Saskatchewan's summer of extreme weather

Each day brings a new set of weather alerts warning of high winds, heavy rain, flash floods, severe thunderstorms, the province has really seen it all.

'It has really been a rockin’ and rollin’ kind of a month,' says climatologist David Phillips

This storm front was photographed by Jessica Leith in early June. (Jessica Leith/Submitted to CBC)

Each day brings a new set of weather alerts warning of high winds, heavy rain, flash floods and severe thunderstorms. The province has really seen it all.

"Hey you're not just the land of winter severe weather; you also get it during the warm season," said Environment and Climate Change Canada's Senior Climatologist David Phillips.

So what's going on?
People in Estevan, Sask., row down a flooded street on July 11, 2016. (CBC)

Phillips said there are a number of factors at play, but the introduction of high humidity has really changed the nature of storms in Saskatchewan over the past couple of years. The storm systems, he said, seem to be lingering.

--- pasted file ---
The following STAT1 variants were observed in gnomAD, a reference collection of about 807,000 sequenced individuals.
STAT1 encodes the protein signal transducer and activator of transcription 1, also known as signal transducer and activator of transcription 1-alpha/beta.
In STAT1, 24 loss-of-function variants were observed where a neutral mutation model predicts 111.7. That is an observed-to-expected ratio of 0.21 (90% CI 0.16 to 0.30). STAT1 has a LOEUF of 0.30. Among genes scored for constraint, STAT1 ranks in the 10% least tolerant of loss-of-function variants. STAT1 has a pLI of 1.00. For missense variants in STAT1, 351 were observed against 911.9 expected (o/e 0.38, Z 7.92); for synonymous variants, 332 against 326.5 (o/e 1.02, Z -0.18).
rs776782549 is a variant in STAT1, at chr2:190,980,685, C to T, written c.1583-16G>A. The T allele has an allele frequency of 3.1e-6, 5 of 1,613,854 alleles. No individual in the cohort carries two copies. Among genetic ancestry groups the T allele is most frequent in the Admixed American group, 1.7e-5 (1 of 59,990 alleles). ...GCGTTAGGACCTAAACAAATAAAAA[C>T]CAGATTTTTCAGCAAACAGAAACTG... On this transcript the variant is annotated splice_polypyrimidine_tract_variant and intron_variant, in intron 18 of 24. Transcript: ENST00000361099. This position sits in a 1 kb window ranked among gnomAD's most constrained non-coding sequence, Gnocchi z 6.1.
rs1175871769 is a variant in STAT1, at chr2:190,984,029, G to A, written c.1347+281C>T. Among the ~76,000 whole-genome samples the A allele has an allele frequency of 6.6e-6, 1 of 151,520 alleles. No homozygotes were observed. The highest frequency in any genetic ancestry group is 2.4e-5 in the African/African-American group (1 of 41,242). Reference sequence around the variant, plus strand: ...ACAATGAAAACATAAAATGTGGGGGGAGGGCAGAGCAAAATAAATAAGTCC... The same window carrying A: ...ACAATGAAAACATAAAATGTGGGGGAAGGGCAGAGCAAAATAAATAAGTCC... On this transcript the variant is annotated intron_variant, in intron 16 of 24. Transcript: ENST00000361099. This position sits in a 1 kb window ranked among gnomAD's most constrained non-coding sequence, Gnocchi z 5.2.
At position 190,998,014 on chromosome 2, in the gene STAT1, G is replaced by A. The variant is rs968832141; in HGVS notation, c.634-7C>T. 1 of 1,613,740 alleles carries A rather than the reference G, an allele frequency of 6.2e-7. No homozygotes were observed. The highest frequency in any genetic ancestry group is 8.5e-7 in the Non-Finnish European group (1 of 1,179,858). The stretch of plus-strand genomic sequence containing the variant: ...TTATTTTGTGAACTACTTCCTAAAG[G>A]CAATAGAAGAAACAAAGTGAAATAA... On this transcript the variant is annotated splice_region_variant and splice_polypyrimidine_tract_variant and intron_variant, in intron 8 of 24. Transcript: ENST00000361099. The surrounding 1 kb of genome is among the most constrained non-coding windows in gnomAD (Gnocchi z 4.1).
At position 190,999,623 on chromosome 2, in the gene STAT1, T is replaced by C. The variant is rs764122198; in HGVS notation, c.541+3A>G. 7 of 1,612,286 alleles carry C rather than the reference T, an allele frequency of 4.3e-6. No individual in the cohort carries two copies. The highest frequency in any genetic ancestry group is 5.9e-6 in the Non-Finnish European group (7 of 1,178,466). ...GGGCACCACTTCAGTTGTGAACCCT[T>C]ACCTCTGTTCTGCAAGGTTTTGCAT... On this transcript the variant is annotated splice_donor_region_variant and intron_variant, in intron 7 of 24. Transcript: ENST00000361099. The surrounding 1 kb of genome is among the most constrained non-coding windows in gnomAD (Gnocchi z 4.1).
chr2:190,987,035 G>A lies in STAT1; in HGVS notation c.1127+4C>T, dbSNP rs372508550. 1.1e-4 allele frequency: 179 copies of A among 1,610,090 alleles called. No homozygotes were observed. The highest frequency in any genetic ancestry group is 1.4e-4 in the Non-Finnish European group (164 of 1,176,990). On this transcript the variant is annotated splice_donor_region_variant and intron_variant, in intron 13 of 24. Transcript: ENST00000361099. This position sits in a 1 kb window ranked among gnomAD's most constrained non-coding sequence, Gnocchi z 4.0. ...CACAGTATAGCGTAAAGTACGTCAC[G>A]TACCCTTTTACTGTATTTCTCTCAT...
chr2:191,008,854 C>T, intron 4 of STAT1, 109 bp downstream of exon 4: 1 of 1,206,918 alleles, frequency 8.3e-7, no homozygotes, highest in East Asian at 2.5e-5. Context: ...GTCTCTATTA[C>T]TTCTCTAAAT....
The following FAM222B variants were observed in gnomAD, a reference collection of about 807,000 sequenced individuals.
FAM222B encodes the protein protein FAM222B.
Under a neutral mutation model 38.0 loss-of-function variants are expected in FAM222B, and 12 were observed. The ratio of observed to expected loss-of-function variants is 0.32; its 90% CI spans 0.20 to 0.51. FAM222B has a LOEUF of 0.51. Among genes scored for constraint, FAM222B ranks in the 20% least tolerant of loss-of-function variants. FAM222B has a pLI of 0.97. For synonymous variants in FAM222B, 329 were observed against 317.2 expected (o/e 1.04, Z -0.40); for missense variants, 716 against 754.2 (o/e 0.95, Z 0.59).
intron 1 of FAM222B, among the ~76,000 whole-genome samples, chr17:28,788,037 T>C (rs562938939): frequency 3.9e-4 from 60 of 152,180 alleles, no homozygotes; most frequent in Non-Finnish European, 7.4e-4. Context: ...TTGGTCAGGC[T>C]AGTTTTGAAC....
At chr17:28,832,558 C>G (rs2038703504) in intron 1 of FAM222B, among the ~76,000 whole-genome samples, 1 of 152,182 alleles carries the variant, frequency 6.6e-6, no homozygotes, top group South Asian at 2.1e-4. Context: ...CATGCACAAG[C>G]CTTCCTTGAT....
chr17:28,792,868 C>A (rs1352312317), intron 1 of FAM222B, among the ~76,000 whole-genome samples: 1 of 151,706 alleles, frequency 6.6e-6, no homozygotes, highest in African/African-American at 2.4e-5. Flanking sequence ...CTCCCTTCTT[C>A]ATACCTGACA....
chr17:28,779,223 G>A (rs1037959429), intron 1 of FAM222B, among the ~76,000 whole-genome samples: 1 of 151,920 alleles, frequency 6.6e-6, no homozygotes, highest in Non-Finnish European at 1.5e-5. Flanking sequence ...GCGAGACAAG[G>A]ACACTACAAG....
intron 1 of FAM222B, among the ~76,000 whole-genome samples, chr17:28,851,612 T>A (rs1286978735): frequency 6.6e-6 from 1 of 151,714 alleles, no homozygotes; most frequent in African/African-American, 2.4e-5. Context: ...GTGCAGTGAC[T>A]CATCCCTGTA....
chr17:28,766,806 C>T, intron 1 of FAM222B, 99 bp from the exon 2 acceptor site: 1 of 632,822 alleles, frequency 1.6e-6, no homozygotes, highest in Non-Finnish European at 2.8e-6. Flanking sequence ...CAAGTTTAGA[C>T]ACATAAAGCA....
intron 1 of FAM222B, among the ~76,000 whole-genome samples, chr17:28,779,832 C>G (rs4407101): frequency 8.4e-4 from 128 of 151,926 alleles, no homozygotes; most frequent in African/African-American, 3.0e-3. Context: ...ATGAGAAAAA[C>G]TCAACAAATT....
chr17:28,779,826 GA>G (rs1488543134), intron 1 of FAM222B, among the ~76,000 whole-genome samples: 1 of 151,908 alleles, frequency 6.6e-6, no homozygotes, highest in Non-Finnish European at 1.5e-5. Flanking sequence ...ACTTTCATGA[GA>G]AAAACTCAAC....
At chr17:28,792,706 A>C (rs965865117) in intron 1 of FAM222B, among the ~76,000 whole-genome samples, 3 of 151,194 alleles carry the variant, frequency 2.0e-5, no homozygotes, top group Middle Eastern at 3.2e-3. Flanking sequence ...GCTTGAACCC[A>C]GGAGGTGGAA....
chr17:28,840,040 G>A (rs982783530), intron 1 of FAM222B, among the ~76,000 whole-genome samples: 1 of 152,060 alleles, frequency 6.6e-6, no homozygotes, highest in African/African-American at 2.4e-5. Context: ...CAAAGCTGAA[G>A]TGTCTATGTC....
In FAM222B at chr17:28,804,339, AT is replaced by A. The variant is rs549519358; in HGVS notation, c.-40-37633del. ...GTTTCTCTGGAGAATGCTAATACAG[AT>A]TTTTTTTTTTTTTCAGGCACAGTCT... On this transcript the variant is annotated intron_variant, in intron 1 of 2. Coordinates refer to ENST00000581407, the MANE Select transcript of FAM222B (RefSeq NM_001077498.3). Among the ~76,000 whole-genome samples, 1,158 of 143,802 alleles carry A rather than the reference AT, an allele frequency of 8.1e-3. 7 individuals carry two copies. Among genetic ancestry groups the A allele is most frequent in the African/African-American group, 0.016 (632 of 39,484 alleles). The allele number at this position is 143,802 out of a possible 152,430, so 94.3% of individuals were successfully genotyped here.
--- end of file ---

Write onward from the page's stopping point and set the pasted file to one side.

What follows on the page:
"What we are seeing this year is that it started on Thursday and didn't stop until Saturday, so the storms are hanging out a little longer."

Crop sweat fuelling some storms 

Phillips said that a number of factors have increased humidity. Much of it is imported from places over the ocean. But he explained, rain begets rain, and then there is crop sweat. Crop sweat happens when plants give off moisture.
People in Outlook, Stewart Valley and other Saskatchewan communities were tweeting out photos of softball-sized hailstones from a storm in July. (Twitter)

Crop sweat, Phillips said has the power to make a garden variety storm quite powerful.

"You've had a lot of thunderstorms a lot of lightning, almost a lexicon of severe weather: tornadoes, rain, hail, strong winds, land spouts, and it has really been a rockin' and rollin' kind of a month."

For the most part though, according to Phillips, those severe storms have been pretty localized.  

"It can be raining in your front yard but not your backyard," he said. "I think this sort of isolated thing has been the case."


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